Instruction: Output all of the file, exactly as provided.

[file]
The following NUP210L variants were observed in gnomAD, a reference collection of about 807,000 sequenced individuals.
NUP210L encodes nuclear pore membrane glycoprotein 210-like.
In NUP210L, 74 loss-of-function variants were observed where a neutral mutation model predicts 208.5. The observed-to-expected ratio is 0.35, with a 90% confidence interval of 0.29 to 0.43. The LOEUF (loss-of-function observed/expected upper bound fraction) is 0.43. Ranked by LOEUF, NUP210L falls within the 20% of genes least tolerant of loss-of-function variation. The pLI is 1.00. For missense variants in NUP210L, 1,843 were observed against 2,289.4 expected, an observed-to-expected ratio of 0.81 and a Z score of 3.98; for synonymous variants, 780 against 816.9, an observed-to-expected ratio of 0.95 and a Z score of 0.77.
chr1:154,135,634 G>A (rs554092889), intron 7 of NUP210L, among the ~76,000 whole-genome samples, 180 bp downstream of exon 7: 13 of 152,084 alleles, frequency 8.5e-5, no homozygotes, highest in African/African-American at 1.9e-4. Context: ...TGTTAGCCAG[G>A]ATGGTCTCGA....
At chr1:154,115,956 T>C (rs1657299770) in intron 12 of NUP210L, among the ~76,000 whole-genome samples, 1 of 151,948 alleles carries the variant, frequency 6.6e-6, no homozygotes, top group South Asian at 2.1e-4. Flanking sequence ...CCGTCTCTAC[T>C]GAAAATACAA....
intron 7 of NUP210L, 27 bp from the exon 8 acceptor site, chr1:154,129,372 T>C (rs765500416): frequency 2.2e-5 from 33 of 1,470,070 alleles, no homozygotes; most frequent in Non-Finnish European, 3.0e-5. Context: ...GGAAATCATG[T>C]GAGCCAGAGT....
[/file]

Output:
The following NUP210L variants were observed in gnomAD, a reference collection of about 807,000 sequenced individuals.
NUP210L encodes nuclear pore membrane glycoprotein 210-like.
In NUP210L, 74 loss-of-function variants were observed where a neutral mutation model predicts 208.5. The observed-to-expected ratio is 0.35, with a 90% confidence interval of 0.29 to 0.43. The LOEUF (loss-of-function observed/expected upper bound fraction) is 0.43. Ranked by LOEUF, NUP210L falls within the 20% of genes least tolerant of loss-of-function variation. The pLI is 1.00. For missense variants in NUP210L, 1,843 were observed against 2,289.4 expected, an observed-to-expected ratio of 0.81 and a Z score of 3.98; for synonymous variants, 780 against 816.9, an observed-to-expected ratio of 0.95 and a Z score of 0.77.
chr1:154,135,634 G>A (rs554092889), intron 7 of NUP210L, among the ~76,000 whole-genome samples, 180 bp downstream of exon 7: 13 of 152,084 alleles, frequency 8.5e-5, no homozygotes, highest in African/African-American at 1.9e-4. Context: ...TGTTAGCCAG[G>A]ATGGTCTCGA....
At chr1:154,115,956 T>C (rs1657299770) in intron 12 of NUP210L, among the ~76,000 whole-genome samples, 1 of 151,948 alleles carries the variant, frequency 6.6e-6, no homozygotes, top group South Asian at 2.1e-4. Flanking sequence ...CCGTCTCTAC[T>C]GAAAATACAA....
intron 7 of NUP210L, 27 bp from the exon 8 acceptor site, chr1:154,129,372 T>C (rs765500416): frequency 2.2e-5 from 33 of 1,470,070 alleles, no homozygotes; most frequent in Non-Finnish European, 3.0e-5. Context: ...GGAAATCATG[T>C]GAGCCAGAGT....